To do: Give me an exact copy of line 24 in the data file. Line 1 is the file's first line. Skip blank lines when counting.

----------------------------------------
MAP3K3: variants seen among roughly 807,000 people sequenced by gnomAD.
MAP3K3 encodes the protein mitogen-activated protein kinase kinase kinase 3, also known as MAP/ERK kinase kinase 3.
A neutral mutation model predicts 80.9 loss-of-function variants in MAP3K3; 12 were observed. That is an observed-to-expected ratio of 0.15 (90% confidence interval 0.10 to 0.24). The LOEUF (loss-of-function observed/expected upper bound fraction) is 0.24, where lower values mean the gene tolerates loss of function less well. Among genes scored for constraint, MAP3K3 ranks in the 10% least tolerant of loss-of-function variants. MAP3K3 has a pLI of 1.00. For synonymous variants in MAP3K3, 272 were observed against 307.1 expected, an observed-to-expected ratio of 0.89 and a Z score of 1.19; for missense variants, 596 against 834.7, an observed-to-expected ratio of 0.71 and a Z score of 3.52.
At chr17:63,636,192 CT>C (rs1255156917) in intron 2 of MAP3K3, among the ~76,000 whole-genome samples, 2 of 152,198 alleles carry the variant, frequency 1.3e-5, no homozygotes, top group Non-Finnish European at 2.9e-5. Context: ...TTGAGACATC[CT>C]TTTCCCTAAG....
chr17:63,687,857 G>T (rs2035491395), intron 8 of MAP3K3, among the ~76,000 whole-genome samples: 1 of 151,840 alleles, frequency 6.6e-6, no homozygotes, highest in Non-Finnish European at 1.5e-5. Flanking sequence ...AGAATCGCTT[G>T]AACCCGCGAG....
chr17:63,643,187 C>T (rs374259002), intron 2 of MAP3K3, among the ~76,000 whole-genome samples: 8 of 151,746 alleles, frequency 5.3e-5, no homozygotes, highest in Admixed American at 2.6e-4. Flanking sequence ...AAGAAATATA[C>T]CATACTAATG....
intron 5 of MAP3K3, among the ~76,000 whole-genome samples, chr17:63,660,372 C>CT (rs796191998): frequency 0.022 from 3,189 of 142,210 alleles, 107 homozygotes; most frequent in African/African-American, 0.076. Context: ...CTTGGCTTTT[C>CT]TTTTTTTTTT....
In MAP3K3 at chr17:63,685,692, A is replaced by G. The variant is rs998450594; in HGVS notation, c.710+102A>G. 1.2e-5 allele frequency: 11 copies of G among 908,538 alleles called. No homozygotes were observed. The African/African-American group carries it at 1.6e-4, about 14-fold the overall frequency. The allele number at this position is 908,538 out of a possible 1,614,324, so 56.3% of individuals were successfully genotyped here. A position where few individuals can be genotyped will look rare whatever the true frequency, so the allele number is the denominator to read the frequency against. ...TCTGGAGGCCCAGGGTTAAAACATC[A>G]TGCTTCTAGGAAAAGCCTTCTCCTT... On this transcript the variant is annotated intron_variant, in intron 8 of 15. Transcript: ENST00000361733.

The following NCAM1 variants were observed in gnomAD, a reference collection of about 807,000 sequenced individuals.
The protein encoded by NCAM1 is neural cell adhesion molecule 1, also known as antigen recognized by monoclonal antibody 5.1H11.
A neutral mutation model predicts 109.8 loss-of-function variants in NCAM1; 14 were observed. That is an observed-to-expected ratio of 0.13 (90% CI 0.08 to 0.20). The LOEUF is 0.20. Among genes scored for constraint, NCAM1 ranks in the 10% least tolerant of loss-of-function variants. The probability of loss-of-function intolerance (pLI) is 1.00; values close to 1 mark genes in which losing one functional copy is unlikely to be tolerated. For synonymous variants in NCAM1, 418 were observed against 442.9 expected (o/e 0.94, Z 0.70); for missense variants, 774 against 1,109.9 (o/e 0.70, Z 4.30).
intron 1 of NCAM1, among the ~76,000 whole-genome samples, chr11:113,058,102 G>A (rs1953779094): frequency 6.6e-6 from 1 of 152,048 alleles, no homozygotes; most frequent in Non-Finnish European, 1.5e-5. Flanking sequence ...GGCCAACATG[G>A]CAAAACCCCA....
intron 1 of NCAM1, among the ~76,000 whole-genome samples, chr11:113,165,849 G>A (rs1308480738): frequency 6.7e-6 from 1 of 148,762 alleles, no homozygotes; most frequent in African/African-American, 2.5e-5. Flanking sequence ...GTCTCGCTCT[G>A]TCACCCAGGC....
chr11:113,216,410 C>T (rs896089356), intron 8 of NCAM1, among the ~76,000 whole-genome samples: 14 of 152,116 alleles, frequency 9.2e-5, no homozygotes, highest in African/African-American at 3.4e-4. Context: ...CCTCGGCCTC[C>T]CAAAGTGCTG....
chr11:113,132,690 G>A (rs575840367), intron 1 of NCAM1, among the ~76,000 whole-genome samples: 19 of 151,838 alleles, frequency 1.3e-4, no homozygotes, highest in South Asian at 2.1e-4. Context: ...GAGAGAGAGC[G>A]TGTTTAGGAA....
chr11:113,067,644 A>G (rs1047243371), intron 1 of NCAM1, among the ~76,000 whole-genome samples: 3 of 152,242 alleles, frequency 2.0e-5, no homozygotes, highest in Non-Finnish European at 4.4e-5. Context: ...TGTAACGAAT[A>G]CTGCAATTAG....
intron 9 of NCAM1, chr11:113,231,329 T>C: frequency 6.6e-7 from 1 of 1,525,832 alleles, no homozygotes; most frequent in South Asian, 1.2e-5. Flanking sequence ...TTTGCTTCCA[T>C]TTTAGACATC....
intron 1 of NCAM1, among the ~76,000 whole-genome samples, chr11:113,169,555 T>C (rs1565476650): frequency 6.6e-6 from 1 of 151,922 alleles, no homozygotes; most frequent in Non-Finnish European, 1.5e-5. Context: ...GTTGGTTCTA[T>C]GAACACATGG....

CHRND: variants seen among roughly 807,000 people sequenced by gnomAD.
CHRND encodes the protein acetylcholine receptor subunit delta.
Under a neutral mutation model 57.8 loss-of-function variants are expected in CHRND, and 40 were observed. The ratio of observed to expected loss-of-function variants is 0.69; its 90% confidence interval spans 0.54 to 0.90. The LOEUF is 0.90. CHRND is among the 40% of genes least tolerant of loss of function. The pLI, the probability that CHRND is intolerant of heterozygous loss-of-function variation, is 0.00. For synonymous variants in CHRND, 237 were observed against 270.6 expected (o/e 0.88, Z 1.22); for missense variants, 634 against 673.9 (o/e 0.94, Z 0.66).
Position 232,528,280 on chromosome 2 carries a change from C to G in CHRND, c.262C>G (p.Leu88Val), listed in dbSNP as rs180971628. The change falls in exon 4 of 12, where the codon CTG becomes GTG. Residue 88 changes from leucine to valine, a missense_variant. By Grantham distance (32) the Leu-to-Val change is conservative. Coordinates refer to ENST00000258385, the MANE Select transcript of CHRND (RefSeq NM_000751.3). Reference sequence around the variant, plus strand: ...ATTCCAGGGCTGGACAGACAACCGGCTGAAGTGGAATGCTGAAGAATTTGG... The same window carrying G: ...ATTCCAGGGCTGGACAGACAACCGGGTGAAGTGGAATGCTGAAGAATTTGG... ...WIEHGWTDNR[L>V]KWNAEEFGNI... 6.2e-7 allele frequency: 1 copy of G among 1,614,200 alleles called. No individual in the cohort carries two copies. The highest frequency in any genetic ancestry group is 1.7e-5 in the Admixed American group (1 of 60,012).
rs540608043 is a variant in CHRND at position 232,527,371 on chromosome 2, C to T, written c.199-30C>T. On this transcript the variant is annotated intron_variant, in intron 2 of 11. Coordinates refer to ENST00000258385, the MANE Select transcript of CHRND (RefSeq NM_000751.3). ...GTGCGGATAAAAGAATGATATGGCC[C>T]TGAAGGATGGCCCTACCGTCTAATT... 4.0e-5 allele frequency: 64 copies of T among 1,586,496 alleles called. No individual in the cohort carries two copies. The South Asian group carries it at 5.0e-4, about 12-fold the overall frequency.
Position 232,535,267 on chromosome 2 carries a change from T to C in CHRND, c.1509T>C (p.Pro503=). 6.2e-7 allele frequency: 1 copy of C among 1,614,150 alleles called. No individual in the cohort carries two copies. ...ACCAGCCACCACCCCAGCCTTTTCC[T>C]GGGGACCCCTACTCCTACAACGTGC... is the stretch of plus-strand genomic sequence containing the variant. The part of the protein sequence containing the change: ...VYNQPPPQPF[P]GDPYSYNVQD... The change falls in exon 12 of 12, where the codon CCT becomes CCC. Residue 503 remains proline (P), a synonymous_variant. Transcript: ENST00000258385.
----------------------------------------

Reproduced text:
Position 232,535,267 on chromosome 2 carries a change from T to C in CHRND, c.1509T>C (p.Pro503=). 6.2e-7 allele frequency: 1 copy of C among 1,614,150 alleles called. No individual in the cohort carries two copies. ...ACCAGCCACCACCCCAGCCTTTTCC[T>C]GGGGACCCCTACTCCTACAACGTGC... is the stretch of plus-strand genomic sequence containing the variant. The part of the protein sequence containing the change: ...VYNQPPPQPF[P]GDPYSYNVQD... The change falls in exon 12 of 12, where the codon CCT becomes CCC. Residue 503 remains proline (P), a synonymous_variant. Transcript: ENST00000258385.